Tag Archives: faith-based contracting

Government, Grants and God….

Sunday seems an appropriate day to consider–once again– the relationship between God and government.

Propublica recently reported on an effort by constitutional lawyers that highlights the increasing conflict between this nation’s commitment to government neutrality in matters of religion and the demands of religious organizations for special accommodations.

The Obama administration has roundly criticized states such as North Carolina and Mississippi for passing laws that allow discrimination in the name of religious freedom. But at the same time, the administration has left in place a 2007 memo from the Bush White House that allows religious charities with federal contracts to discriminate in hiring for federally funded programs.

Now, as Obama prepares to leave office, a group of prominent constitutional lawyers is calling on the Obama White House to revoke the legal memo, which they argue has been used by religious groups to refuse to provide services, including emergency contraception for human trafficking victims, that conflict with their beliefs. Their arguments are detailed in a legal analysis published this morning by Columbia Law School’s Public Rights/Private Conscience Project, which includes contributions of scholars from George Washington, Emory and Brigham Young universities, among others.

A good deal of my research when I first entered academia centered on Bush’s so-called “Faith Based Initiative,” and his effort to contract with religious organizations for the provision of government services to the needy. (In fact, I co-wrote a very boring book on the subject.) There were a number of faulty assumptions that prompted the Initiative, and as the Propublica article explains, such partnerships frequently created conflicts between the organization’s religious mission and the government’s obligation to refrain from funding religious discrimination.

Bush administration lawyers wrote the memo after the Christian charity World Vision, which serves the poor in nearly 100 countries, objected to a nondiscrimination clause in a $1.5 million Department of Justice grant to fund a mentoring program for at-risk children. World Vision argued that it should be allowed to hire only Christian employees for the program and that not allowing the group to do so would put a “substantial burden” on it.

The Free Exercise Clause of the Constitution protects the right of religious congregations and certain other religious organizations to hire and fire on the basis of their doctrinal beliefs–when those organizations are spending their own money. 

Discriminating with taxpayer dollars received via a government contract is a different matter.

When a government agency is requesting proposals from for-profit, nonprofit or religious organizations to partner in the provision of services, it generally requires that the successful bidder agree to obey applicable laws, including civil rights laws forbidding discrimination.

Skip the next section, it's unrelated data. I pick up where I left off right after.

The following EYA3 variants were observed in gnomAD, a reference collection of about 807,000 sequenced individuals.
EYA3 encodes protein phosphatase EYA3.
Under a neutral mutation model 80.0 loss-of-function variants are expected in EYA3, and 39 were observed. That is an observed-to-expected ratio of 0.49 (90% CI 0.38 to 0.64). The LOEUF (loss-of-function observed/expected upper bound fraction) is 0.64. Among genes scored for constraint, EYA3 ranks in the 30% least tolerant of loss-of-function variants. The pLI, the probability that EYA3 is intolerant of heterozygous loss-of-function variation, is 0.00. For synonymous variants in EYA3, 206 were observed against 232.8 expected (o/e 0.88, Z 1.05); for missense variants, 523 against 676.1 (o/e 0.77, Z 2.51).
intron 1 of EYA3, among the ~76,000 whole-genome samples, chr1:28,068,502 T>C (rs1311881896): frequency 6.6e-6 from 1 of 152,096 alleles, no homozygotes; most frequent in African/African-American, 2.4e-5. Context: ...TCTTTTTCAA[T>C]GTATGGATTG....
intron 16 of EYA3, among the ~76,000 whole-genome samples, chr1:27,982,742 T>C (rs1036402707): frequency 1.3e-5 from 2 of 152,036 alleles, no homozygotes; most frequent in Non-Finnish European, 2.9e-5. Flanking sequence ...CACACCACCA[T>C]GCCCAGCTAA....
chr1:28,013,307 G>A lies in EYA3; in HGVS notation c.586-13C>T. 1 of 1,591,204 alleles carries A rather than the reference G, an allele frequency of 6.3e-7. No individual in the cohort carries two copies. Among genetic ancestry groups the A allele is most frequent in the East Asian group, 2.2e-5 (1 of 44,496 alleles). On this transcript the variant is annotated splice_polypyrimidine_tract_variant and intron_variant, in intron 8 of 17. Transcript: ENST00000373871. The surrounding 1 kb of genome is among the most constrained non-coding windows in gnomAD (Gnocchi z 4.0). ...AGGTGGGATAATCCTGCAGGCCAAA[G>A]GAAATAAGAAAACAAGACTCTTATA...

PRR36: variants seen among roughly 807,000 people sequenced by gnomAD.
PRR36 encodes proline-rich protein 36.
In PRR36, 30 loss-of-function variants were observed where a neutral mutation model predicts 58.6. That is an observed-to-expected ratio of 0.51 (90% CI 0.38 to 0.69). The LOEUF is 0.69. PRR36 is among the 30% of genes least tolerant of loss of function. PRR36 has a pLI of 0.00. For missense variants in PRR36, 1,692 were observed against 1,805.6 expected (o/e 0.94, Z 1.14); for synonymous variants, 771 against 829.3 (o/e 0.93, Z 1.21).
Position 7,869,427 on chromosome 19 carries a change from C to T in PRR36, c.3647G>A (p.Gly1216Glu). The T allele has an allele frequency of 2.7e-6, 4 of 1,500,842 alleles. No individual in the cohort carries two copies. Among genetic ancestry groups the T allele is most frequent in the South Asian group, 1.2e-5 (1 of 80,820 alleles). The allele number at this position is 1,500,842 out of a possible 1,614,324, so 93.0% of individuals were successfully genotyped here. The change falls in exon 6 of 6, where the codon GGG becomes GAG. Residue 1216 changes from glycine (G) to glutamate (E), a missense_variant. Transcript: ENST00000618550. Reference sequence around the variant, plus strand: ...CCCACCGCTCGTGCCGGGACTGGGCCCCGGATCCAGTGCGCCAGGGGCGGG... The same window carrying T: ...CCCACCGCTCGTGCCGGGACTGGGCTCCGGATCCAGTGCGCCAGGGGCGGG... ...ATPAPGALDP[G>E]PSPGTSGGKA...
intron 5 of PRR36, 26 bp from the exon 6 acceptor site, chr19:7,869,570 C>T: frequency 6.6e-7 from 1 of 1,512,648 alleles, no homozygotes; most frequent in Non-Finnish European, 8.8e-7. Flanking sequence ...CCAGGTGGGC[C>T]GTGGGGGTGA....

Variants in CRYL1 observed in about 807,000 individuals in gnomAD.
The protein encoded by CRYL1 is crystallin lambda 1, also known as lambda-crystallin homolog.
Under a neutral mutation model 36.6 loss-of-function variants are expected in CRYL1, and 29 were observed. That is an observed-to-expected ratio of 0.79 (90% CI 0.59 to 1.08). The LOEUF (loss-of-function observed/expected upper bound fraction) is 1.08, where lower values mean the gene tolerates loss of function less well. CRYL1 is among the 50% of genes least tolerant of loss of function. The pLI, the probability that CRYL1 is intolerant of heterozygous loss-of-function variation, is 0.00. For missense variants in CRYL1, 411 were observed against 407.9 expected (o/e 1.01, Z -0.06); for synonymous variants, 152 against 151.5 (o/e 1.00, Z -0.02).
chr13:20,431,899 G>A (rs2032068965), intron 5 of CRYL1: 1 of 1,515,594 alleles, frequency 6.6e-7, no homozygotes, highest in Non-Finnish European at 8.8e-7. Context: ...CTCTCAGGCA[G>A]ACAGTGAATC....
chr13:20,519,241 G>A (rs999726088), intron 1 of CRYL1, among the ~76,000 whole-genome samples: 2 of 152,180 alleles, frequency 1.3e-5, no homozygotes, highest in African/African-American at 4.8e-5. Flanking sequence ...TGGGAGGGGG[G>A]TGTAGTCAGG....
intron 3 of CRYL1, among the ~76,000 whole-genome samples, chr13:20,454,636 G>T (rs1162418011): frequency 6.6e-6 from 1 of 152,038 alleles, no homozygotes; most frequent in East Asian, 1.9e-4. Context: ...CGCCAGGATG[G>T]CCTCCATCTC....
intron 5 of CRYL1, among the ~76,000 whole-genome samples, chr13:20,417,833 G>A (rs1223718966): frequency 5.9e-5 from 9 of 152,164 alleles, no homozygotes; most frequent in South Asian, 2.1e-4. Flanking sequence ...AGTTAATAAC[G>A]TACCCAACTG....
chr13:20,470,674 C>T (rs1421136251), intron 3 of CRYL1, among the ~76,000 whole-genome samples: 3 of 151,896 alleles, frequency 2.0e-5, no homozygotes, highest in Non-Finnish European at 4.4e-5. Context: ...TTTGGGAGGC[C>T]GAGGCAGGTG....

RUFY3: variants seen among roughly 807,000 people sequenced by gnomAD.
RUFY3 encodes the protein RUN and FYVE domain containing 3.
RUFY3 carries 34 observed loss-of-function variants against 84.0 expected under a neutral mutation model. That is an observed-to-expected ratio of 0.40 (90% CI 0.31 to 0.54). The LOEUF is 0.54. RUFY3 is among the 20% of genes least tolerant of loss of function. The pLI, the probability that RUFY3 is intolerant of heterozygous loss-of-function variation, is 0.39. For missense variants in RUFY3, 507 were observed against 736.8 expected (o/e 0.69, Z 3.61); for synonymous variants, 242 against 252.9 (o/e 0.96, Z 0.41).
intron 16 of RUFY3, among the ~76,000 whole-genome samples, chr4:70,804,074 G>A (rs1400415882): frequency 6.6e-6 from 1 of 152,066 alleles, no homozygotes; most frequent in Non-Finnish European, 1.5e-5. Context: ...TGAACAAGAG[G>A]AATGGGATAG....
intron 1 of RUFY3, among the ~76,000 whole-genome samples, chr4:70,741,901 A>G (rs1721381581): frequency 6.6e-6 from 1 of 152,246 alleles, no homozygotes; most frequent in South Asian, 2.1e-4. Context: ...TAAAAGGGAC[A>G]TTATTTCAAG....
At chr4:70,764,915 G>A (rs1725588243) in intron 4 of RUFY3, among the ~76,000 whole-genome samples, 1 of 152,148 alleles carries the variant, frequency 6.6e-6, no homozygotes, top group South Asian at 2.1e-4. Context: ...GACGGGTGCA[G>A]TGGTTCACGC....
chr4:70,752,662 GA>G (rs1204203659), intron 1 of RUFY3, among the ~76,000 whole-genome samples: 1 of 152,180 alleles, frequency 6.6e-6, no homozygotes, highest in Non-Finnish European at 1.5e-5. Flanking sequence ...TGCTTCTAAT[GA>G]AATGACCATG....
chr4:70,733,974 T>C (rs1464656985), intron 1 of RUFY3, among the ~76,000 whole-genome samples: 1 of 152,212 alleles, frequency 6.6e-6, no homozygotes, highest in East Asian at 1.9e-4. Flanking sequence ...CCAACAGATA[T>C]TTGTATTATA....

Religious congregations or organizations can choose to bid on a contract or not; if the terms of the award are inconsistent with the organization’s religious beliefs, it need not participate. As a local pastor once put it: “with the government’s shekels come the government’s shackles.”

If you aren’t willing to play by the rules, don’t join the game.

It is unfair to exempt religious bidders from compliance with rules others must obey– in essence, to give such bidders special rights not enjoyed by others.

The lawyers calling on Obama to end such preferential treatment have both the Constitution and fundamental fairness on their side.


The Problem with Faith-Based Contractors

There really is no constitutional problem with government contracting with religious organizations for purely secular services. The state can purchase medical care or babysitting or welfare services from any organization, religious or secular, having the capacity to deliver those services in a constitutionally appropriate way–i.e., without proselytizing vulnerable populations, etc.

A problem that is rarely discussed, however, has become painfully obvious in Washington, D.C.

The Catholic Archdiocese of Washington has announced that it will be “unable” to continue the social service programs it runs for the District if the city passes a proposed same-sex marriage law, a threat that could affect tens of thousands of people the church helps with adoption, homelessness and health care.

So–do we allow religious organizations to make their continued participation in these programs contingent upon the District’s denial of fundamental rights to gays and lesbians? Or to put it another way, can the government give in to demands that its public policies be consistent with the religious beliefs of a contractor?

One of the problems with privatization in general is that too often, it is accompanied by a “hollowing out” of governmental capacity to provide essential services. In such cases, the contractor–secular or religious–has officials by the proverbial “short hairs.”